Wednesday, January 26, 2011

Tom Petty Was Right

So it turns out that, after you live with a cancer diagnosis for a while, the challenge becomes wondering what the doctors will decide to do about it, not worrying about whether you'll live through it.  So, yes, the waiting is in fact the hardest part. 

I walked around for a while with a knot in my stomach as we waited to find out how to proceed.  Here's how it worked: Step 1: colonoscopy.  Step 2 (the following week): CT/MRI scans to determine whether this cancer has metastasized to any other organs, and 24 hours to wait for that answer (which was, thankfully, no).  Step 3: wait a few more days to let the surgeon consult with some other doctors to decide whether to operate immediately or start with a different approach.  Step 4, about two weeks after the initial news: meet with an oncology team to talk about strategy and scheduling.

It turns out that it's a pretty standard approach to try to shrink these kind of tumors before surgery if they have advanced past Stage 1.  Mine is medium-sized, and there are a few enlarged lymph nodes visible on my MRI images, so we're going to do 6 weeks of pre-op (otherwise known as "neoadjuvant") treatment.  I will have radiation 5 days a week, and will get to carry around a portable chemotherapy pump, which should make things interesting for a while.  I've put a moratorium on my internet reading from here on out, but the things I've seen so far make me feel pretty good.  If the tumor responds to the radiation and shrinks significantly, it looks like survival rates are comparable to those for Stage 0/1 tumors - in other words, high 90 percents.  I am choosing to believe that the radiation will zap this nasty thing away for me, and that I'll be just fine.  :)

After meeting with the oncologists to discuss the plan, I went in the next day for a CT scan to plan therapy and to get my little tattoos for the radiation itself.  Just 3 small dots, but the needles stung enough to make me confident that I will not be having anything tattooed anywhere else for now.  Next step will be having a chemo port installed.  That's a little line that's inserted under my collarbone to provide easy access for IV meds, saving my veins from constant punctures.  I'm a little squeamish about the idea of this, even though I'm not generally needle-phobic, and I remember my dad's port well (my parents taught me how to help him maintain it and even to help administer some of his meds).  Just need to get through that one.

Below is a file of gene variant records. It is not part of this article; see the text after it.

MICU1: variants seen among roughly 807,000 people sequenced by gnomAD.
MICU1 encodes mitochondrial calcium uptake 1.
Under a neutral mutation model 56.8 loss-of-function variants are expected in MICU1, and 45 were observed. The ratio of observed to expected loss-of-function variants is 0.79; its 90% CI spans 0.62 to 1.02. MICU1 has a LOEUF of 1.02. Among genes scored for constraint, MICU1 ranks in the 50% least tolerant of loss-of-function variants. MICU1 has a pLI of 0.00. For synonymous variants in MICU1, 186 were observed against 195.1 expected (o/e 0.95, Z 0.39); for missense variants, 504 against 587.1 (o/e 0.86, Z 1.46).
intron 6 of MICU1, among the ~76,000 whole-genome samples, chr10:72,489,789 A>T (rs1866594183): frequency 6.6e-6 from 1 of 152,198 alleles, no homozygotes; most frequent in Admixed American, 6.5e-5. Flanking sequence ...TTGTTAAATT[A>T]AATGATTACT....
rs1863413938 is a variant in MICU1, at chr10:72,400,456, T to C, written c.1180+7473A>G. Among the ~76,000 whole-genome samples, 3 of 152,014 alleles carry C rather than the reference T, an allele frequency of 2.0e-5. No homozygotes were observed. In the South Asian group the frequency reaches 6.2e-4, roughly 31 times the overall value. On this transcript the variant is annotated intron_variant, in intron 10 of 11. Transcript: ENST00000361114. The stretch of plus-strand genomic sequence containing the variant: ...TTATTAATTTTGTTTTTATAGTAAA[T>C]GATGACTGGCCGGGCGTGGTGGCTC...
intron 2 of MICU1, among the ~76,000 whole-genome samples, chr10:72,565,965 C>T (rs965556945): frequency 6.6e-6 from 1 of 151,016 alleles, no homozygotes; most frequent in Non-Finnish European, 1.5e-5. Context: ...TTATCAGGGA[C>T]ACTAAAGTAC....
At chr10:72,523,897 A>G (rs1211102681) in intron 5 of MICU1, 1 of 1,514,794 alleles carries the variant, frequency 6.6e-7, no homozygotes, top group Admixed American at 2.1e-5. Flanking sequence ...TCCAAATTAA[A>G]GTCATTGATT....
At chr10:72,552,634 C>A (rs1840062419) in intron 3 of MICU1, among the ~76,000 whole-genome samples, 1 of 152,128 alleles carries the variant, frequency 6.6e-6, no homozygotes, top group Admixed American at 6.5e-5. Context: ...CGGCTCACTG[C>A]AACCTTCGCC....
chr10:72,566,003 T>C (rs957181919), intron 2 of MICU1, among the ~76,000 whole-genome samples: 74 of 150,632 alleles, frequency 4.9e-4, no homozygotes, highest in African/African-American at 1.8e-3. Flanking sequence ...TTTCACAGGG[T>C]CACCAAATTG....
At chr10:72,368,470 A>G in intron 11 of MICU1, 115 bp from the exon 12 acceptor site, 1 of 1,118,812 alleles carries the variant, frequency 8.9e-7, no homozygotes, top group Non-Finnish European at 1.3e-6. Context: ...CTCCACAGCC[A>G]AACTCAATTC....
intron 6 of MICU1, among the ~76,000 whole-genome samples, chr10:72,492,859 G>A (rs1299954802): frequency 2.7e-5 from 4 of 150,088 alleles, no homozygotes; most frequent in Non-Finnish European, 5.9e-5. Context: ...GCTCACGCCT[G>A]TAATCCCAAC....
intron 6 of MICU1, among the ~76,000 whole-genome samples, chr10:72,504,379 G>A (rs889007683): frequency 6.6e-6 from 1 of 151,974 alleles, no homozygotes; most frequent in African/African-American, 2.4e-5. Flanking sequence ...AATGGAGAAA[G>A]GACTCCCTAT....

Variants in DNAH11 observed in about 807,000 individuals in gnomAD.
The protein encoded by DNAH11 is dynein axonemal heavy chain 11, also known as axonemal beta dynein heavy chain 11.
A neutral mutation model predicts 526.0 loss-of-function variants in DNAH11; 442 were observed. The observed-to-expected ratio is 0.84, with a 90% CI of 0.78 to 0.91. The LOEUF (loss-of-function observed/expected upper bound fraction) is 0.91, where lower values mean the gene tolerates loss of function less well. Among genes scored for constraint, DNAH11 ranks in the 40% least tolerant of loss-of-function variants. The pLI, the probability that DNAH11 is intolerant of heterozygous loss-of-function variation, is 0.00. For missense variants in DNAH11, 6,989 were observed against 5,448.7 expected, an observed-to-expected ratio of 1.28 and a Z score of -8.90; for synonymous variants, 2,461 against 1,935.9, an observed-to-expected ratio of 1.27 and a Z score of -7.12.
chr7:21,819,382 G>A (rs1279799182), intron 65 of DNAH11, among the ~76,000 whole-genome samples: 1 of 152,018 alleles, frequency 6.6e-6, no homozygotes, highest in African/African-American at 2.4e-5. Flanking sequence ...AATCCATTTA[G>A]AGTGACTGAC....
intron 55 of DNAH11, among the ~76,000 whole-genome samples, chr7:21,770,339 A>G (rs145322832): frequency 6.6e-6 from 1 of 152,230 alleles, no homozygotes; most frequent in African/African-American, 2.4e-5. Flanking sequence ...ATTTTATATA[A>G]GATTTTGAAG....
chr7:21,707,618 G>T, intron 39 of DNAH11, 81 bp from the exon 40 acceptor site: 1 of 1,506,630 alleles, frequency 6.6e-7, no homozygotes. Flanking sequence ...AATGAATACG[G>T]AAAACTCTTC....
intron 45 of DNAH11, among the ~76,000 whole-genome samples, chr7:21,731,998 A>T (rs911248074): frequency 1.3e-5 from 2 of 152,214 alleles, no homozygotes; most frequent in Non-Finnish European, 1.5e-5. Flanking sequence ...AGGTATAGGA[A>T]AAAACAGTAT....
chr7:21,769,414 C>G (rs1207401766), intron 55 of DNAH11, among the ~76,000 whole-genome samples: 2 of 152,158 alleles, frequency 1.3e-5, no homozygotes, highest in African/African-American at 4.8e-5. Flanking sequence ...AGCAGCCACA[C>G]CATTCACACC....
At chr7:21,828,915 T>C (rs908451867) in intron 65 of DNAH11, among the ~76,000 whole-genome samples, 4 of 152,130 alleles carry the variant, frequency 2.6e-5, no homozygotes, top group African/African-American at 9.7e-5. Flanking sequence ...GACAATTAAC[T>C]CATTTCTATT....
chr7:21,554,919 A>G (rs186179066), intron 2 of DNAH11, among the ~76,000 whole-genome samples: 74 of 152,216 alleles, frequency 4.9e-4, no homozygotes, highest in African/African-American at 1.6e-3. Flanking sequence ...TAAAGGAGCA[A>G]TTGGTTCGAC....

I am feeling pretty good right now.  I'm not scared, just focused on getting this treatment started.  I feel fine physically, apart from a slightly sore rear after yesterday's poking and prodding.  I'm trying to continue running a little bit every day.  The team tells me I probably won't have much in the way of significant side effects during this 6 week stretch, apart from some fatigue that will likely hit towards the end.

Here's how I think about it.  February is pretty horrible anyway, so why not put the month to good use? It will give me something to do besides look out at the dirty old snow and feel desperate for spring.  May as well use the time to get myself better!

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